on Wed Aug 10, '05 09:48 AM from the roundup dept. OSCON 2005
was held in a convention center this year, instead of a hotel, because it just
got too big (2000+ people). Too big, in fact, for pudge and myself to cover
more than a fraction of the talks and the ideas flitting around the hallways.
But here's some of what I found cool last week. And if you attended or
presented at OSCON and want to tell us about all the neat stuff we missed,
please, share your thoughts in the comments, or
a fact-rich writeup and we'll maybe do a followup story later.
Mike Shaver's talk on writing
was packed to the walls. If you've been wanting to try it, Firefox 1.5
makes development easier, and should be out soon, so now's a good time.
This talk and the tutorial on
persuaded me to start using the DOM Inspector and
to get a better understanding of webpage manipulation.
Aaron Boodman's talk on his extension
was a walkthrough of writing a simple GM user script, a discussion of what's
coming up, and some Q&A. Greasemonkey 0.5 ("Now With Security!") is in
beta: there are multiple security changes that suggest someone really has sat
down and thought the whole model through. GM works with Firefox, Seamonkey,
Opera, and Windows MSIE (but not, oh please somebody correct this oversight,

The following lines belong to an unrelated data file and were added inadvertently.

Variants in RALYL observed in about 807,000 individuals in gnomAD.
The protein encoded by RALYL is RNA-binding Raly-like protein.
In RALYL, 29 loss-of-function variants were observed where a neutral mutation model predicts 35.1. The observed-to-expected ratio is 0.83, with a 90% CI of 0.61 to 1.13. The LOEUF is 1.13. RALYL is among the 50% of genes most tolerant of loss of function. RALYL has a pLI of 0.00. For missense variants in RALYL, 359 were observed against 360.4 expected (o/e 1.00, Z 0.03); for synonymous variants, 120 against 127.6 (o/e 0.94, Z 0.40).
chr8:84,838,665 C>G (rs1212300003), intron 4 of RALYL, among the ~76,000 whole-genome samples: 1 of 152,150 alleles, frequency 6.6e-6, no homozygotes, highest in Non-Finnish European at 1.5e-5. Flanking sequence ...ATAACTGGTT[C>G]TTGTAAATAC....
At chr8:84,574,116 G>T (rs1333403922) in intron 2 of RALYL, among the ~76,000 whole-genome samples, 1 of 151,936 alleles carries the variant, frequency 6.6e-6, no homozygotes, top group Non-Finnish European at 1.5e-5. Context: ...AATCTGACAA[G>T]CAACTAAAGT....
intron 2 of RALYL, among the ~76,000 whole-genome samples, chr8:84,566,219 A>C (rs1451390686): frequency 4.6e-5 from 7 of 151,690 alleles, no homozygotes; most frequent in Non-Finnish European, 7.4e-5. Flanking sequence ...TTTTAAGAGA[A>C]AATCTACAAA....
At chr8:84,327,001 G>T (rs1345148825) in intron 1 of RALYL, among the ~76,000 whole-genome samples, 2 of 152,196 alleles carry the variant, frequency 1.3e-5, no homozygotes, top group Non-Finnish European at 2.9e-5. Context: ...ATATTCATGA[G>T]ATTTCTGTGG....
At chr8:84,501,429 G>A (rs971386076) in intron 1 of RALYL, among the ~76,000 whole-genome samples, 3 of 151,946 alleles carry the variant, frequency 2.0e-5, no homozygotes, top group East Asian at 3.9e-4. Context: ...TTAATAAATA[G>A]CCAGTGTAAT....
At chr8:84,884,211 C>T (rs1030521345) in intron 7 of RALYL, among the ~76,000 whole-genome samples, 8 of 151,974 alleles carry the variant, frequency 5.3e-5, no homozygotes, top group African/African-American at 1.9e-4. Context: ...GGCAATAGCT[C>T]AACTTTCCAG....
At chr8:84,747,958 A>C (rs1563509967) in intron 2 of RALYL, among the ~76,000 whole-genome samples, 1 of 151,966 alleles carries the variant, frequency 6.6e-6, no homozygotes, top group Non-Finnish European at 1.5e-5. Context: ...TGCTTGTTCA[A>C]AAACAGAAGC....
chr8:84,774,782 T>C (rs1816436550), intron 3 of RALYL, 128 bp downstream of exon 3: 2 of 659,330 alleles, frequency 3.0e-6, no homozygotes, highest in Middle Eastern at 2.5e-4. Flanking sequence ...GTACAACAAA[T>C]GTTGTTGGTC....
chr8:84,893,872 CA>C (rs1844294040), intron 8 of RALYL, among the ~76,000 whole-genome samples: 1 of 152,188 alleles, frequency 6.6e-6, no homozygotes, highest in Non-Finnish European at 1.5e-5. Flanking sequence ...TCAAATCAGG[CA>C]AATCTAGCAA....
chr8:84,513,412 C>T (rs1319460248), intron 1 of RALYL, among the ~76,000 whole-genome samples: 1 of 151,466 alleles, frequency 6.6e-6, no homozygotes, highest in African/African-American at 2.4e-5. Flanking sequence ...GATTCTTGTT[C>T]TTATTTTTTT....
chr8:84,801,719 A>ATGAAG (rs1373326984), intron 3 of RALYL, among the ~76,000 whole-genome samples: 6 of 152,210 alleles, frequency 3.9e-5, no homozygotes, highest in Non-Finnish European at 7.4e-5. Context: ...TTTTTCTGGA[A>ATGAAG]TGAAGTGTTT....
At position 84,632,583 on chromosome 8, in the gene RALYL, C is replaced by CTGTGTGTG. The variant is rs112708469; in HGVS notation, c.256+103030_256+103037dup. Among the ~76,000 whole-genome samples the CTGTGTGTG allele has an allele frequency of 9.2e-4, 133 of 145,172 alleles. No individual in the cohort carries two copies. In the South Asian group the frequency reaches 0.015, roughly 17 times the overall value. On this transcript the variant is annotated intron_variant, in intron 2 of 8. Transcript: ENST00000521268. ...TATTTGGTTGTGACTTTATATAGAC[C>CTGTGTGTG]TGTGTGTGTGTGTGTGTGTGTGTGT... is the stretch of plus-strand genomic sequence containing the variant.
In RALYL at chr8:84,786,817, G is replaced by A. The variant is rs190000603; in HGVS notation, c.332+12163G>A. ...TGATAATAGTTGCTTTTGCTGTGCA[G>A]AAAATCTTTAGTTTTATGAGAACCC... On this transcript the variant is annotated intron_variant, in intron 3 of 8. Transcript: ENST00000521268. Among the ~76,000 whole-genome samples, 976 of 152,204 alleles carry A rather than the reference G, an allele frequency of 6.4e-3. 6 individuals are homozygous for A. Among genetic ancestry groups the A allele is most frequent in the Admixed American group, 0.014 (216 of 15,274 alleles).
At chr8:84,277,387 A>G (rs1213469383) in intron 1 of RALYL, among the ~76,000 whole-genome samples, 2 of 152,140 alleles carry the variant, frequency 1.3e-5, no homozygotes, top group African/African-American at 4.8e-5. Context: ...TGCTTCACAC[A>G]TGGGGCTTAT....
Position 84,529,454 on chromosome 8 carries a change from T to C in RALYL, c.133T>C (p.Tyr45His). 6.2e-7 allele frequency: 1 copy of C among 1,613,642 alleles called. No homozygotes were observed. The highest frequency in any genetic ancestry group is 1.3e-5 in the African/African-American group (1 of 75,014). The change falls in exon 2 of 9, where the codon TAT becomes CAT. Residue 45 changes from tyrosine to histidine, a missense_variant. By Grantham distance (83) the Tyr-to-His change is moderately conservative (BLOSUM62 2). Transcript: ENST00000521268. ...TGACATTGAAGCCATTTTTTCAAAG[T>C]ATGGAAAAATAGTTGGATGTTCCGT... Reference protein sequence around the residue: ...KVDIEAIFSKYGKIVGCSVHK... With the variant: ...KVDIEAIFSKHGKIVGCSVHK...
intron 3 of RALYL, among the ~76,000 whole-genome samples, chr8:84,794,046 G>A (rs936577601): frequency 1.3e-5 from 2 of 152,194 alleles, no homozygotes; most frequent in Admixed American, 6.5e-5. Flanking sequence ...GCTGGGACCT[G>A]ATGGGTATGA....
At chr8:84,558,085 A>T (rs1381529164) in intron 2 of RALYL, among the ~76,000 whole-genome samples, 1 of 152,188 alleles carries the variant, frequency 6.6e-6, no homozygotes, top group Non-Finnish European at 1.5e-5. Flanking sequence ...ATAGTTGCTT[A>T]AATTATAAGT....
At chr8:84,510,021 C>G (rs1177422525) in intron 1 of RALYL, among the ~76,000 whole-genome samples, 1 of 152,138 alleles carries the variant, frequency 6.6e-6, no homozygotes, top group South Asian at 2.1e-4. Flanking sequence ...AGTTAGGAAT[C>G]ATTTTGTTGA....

Ruby on Rails
is hot; if you want to develop a web app quickly you can't ignore it. It
stresses "convention over configuration" with reasonable defaults. The
tutorial went from installation to the "hello world" of the web, a blog (!),
in a few hours. Anyone have a real-world example of Rails scaling to a large
project and lots of traffic?
an open-source project from Apple that aids in building the open-source
components of Darwin/Mac OS X. Given a build number of Mac OS X, it will fetch
and build the software for that version, allowing you to modify the source
as needed, making it easy for any developer to modify everything from the
kernel to various utilities (just remember to reapply the modifications after
running Software Update, if necessary). You can read more about it from, in
addition to the web site, the
Google and O'Reilly gave out the
2005 open source awards,
with $5000 attached to each. Congratulations to the winners.
is a cross-platform VoIP client and software framework, written in Python, for
writing your own phone applications.
Novell is still moving its employees from Windows to Linux, which
we first heard at last year's OSCON. The migration from Microsoft Office
to OpenOffice is complete, and the big step, from Windows to Linux, is 50%
complete, projected to be 80% by November. Miguel de Icaza gave flashy demos
of some Linux desktop applications that didn't impress this cynical observer
is an open-source project looking to bring physical proximity awareness to
Internet access at coffeeshops and other meetingplaces: think "local-only
Friendster" and you're not far off. They got feedback
from a monthlong trial earlier this year and are working on a new version
that will be easy to deploy. Could be neat.
In a great 2-hour session on Wednesday, we got to hear from
representatives of four leading open source databases about what they've been
working on lately. Here are the summaries...
Ingres r3 has
an impressive list of big features. Ingres was just open-sourced by Computer
Associates this summer, and it's gotten a lot of attention for being a
full-featured enterprise database. Ingres supports table partitioning that can